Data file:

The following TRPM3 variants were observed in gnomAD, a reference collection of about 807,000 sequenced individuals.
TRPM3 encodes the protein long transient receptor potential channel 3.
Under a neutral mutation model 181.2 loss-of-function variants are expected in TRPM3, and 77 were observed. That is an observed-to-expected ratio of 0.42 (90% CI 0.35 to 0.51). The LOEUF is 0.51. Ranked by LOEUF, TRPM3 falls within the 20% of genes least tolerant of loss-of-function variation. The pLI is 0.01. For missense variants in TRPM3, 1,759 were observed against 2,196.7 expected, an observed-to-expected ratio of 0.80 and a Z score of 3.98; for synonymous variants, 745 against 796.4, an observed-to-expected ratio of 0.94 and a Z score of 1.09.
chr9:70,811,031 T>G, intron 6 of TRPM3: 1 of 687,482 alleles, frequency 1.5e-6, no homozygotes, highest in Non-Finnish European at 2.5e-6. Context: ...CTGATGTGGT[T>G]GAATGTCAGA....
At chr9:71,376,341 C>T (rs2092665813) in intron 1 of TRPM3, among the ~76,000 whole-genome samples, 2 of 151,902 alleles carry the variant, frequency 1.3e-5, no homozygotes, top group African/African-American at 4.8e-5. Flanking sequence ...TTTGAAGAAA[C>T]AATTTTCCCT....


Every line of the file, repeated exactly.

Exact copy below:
The following TRPM3 variants were observed in gnomAD, a reference collection of about 807,000 sequenced individuals.
TRPM3 encodes the protein long transient receptor potential channel 3.
Under a neutral mutation model 181.2 loss-of-function variants are expected in TRPM3, and 77 were observed. That is an observed-to-expected ratio of 0.42 (90% CI 0.35 to 0.51). The LOEUF is 0.51. Ranked by LOEUF, TRPM3 falls within the 20% of genes least tolerant of loss-of-function variation. The pLI is 0.01. For missense variants in TRPM3, 1,759 were observed against 2,196.7 expected, an observed-to-expected ratio of 0.80 and a Z score of 3.98; for synonymous variants, 745 against 796.4, an observed-to-expected ratio of 0.94 and a Z score of 1.09.
chr9:70,811,031 T>G, intron 6 of TRPM3: 1 of 687,482 alleles, frequency 1.5e-6, no homozygotes, highest in Non-Finnish European at 2.5e-6. Context: ...CTGATGTGGT[T>G]GAATGTCAGA....
At chr9:71,376,341 C>T (rs2092665813) in intron 1 of TRPM3, among the ~76,000 whole-genome samples, 2 of 151,902 alleles carry the variant, frequency 1.3e-5, no homozygotes, top group African/African-American at 4.8e-5. Flanking sequence ...TTTGAAGAAA[C>T]AATTTTCCCT....